A cuff buffer 25, shown m figures 1 and 2 is utilized to assure even flow through the upper reservoir 12 and the tube 16, as well as provide consistency m activation. The buffer 25 provides a compressible environment for the upper reservoir 12, and encircles the upper reservoir 12 to create an even compression factor during braking. The buffer 25 helps maintain the proper position of the upper reservoir 12 and assures that any loss of compressive force is minimized. For example, without the buffer 25, the position of the upper reservoir 12 might shift resulting in an uneven application of braking force to the reservoir and a corresponding lack of sufficient braking force transferred to the brake.

In addition, the buffer 25 protects against inadvertent activation of the brake actuation system 10. The buffer 25 is made from compressible material and will not transfer braking force to the reservoir 12 until it is sufficiently compressed. Thus, the compressibility of the buffer 25 provides a degree of safety in that unintended application of force to the upper reservoir 12, will not be transferred to the lower reservoir 14, unless the force exceeds the compressibility of the buffer 25.

In a similar manner the buffer 25 gives the skater the ability to apply a range of braking. If the wearer wishes to slow down, but not stop, the buffer 25 gives the actuation system 10 the ability to transfer a wide range of braking force, instead of an all or nothing option. Thus, the application of pressure to the upper reservoir 12 through the buffer 25 is exact and controllable, providing the user the ability to brake at a desired level.

As shown in figures 1 and 2 the upper reservoir 12 is bellows shaped, which is wider at the top and tapers down to the narrower bottom portion where it meets with the tube 16. The transfer of fluid to the lower reservoir is facilitated by such a construction, however, other shapes can be employed.

The shape of the lower reservoir or expansion chamber 14 depends upon the way the actuation system 10 is employed. For example, for a brake mechanism as taught in U.S. Patent No. 5,226,673 (Cech) and shown m figure 4, the brake pad moves towards the wheel, so the lower reservoir 14 would be shaped so that it expands to push the brake into contact with the wheel. For a brake which contacts the ground, as shown m figure 5, and taught in U.S. Patent No. 5,316,325, the lower expansion reservoir 14 would have cylindrical or round shape so that as it expands, the lower expansion reservoir 14 causes the brake pad to rotate about the wheel axis and contact the ground.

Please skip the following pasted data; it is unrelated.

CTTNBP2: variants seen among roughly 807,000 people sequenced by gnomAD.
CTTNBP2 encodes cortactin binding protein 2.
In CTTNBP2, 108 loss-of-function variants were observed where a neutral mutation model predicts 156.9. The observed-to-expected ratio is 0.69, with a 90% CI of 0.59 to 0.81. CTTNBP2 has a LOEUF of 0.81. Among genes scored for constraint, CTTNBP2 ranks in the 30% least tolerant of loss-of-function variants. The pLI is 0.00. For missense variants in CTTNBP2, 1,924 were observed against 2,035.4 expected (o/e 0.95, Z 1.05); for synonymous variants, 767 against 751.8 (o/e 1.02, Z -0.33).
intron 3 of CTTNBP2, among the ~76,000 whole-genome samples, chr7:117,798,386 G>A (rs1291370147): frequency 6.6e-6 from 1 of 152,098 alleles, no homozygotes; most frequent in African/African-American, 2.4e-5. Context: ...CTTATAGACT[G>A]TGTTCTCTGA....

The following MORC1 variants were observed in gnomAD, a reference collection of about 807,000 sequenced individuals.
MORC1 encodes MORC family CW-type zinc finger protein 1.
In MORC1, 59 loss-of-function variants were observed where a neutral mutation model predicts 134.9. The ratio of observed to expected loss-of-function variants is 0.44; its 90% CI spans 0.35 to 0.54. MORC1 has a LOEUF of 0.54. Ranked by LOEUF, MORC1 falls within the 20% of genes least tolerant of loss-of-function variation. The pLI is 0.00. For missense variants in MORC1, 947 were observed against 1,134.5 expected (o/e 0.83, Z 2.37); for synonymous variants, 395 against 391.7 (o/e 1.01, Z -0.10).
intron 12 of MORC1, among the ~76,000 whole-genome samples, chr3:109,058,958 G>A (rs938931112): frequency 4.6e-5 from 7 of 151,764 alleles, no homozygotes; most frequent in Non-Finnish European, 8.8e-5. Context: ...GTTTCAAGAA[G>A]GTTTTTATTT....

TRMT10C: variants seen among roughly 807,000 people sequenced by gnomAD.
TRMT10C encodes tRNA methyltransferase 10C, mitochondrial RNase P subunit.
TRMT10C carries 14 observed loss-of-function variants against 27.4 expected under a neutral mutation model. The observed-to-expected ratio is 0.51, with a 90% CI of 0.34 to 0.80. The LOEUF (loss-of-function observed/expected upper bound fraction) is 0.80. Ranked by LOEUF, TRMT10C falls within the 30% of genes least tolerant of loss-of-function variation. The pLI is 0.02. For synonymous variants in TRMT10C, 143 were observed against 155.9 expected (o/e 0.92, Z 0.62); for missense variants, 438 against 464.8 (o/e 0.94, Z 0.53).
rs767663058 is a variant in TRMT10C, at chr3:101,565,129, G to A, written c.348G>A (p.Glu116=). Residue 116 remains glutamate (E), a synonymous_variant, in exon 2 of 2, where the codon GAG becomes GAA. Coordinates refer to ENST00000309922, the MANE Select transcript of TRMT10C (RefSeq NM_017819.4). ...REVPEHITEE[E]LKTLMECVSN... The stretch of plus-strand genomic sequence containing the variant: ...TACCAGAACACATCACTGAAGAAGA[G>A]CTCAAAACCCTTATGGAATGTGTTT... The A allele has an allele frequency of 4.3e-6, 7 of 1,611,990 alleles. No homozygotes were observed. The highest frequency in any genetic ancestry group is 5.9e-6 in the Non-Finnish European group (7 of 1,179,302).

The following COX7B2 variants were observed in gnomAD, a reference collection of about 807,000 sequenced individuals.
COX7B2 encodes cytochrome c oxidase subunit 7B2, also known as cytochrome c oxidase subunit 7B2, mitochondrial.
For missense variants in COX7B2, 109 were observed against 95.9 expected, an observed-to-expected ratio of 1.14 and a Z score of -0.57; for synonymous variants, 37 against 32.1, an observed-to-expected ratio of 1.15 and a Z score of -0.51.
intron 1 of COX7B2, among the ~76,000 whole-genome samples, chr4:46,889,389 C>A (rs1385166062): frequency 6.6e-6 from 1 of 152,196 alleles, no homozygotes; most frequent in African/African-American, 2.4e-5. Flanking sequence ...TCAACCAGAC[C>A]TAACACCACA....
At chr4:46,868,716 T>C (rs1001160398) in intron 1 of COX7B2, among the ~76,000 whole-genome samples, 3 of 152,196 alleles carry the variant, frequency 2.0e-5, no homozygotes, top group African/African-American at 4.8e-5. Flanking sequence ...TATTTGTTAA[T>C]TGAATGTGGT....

The lower, expansion reservoir 14 is manufactured so that it can expand m one direction or in two opposing directions. The circumference and one side of the lower reservoir 14 can be strengthened during the molding process so that it expands only in the direction of the weakest point, which is the unstrengthened side.

Alternatively, the lower reservoir can be positioned inside of a direction constraint 40, as shown in figure 5. The directional constraint 40 surrounds the lower reservoir 14 so that expansion is inhibited in all but one direction.

Regardless of the specific construction, the actuation system 10 of the present invention requires a mechanism to bias the reservoirs to the non-braking state. The mechanism or return 50, as shown m Figure 5, can be a spring mounted so that it offers resistance to the expansion of the lower reservoir 14. When the pressure ceases to be applied to the upper reservoir 12 through the buffer 25, the spring 50, or a return buffer, forces the fluid out of the lower reservoir 14, so that the skate is ready for further activation. While a spring is disclosed in figure 5, any device or material which is sufficiently resilient to resist compression and deactivate the brake will work. A support for the spring 50 or other resilient device is required to provide leverage. In figure 5 the angled section 60 extending radially from the axle of the wheel acts as such a support. Having described an embodiment of the brake actuation system in accordance with the present invention, it is believed that other modifications, variations and changes will be suggested to those skilled in the art in view of the description set forth above. It is therefor to be understood that all such variations, modifications and changes are believed to fall within the scope of the invention as defined in the appended claims.

Claims

WHAT IS CLAIMED IS:
1. A skate brake actuation system comprising:
an upper reservoir,
a lower expandable reservoir,
a tube connecting said upper reservoir and said lower reservoir,
means for transferring force to said upper reservoir causing fluid contained in said upper reservoir to move through said tube to said lower expandable reservoir, and
means for applying pressure to said lower reservoir so said fluid returns to said upper reservoir when said force to said upper reservoir ceases,
said lower expandable reservoir being disposed so as to activate said skate brake.
2. A skate brake actuation system as recited in claim 1, wherein said upper reservoir, said tube and said lower expandable reservoir form a closed system for containing said fluid.
3. A skate brake actuation system as recited m claim 1, wherein said means for transferring force is a resilient buffer.
4. A skate brake actuation system as recited m claim 3, wherein said buffer surrounds said upper reservoir.
5. A skate brake actuation system as recited in claim 2, wherein said upper reservoir, said tube and said lower expandable reservoir are formed integrally.
6. A skate brake actuation system as recited in claim 1, wherein said fluid is a liquid.
7. A skate brake actuation system as recited in claim 1, wherein said fluid is a gas.
8. A skate brake actuation system as recited m claim 1, wherein said fluid is a gel.